Next Generation Probiotics
- Probiotics’ are naturally occurring bacterial strains found in human gut, and are being added to food for their health-promoting effects.
- The gut has a rich and diverse microbial ecosystem whose activities can also influence the health of the host.
- Probiotics have also been used to treat a variety of mucosal surface infections, such as those of the gut and vagina, but the use of these has almost diminished after antibiotics.
- The probiotics help in the production of antimicrobial metabolites and nutriceuticals; immunomodulation; relief of constipation and prevention of antibiotic-associated diarrhea; metal detoxification; serum cholesterol and blood pressure reduction; prevention and alleviation of allergic diseases; management of atopic dermatitis; prevention of surgical wound infection and tooth decay; regression of tumours and reduction in carcinogen and mutagen production
These are mostly used as food supplements and are now administered orally and are also an alternative to various intestinal disorders.
Lactic acid bacteria (LAB) have proved to be effective mucosal delivery vectors including Bifidobacterium and Lactobacillus
LAB has been altered by traditional and genetic engineering methods to yield new varieties.
These LAB can be genetically modified to get the desired protein or peptide without disturbing their biological activity.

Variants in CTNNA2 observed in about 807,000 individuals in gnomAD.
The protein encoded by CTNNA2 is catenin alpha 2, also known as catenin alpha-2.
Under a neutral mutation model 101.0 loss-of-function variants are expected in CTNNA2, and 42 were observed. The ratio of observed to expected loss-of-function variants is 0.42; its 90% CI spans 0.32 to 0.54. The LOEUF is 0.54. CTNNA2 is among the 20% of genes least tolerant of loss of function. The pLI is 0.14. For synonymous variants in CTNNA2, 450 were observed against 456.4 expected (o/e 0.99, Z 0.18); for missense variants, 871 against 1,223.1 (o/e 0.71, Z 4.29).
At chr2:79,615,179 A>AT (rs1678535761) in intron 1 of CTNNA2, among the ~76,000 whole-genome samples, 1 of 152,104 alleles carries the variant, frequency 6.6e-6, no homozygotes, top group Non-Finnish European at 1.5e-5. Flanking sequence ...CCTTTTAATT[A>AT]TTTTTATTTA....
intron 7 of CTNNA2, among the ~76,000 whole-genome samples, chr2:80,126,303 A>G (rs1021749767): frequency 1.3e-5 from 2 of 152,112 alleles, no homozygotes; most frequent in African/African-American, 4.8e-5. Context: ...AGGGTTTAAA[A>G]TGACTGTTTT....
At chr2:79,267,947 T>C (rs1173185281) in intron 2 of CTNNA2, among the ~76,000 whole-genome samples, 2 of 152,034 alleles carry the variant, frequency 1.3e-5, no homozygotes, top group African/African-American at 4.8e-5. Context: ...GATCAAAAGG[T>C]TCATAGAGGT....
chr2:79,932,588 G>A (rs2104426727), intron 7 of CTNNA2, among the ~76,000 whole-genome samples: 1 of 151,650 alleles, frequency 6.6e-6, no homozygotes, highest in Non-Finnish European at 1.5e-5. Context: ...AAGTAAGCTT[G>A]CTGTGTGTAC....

- Other than that other bacterial and yeast strains such as Escherichia coli and Saccharomyces are also used as probiotic strains
Genetically Modified Probiotics/ Next Generation Probiotics
- The probiotics are genetically modified in order to get the desired or required protein or peptide for the biological activity or to enhance metabolism.
- Genetic modification of bacteria can be done by DNA transformation, transduction or by the use of plasmids
The regular consumption of fermented dairy products such as yoghurt containing lactic acid bacteria is associated with enhanced health and longevity in many people
The bacterial strains Bifidobacterium and Lactobacillus are considered as the most effective next-generation probiotic (NGP) and designer probiotics are also being recognized.
Probiotic strains with high potential and health benefits have been identified which include mainly from the genera Bacteroides, Akkermasia, Faecalibacterium and Eubacterium.
- Some of these strains have been recorded activating immune T cell immune response in vivo while some proposed IgA production
GMP in Food
- GMOs are produced from distant bacterial strains by introducing genes.
- For example, a heterologous catabolic glutamate dehydrogenase gene from Peptostreptococcus asaccharolyticus was introduced into L. lactis to produce a-ketoglutarate from glutamate which is an amino acid present at high levels in cheese
- Also L. lactis produce large amounts of L-alanine from pyruvate in a single step by alanine dehydrogenase. The carbon flux from pyruvate to alanine, the Bacillus sphaericus alanine
dehydrogenase gene (alaDH) was expressed in an L-lactate dehydrogenase-deficient lactococcal strain.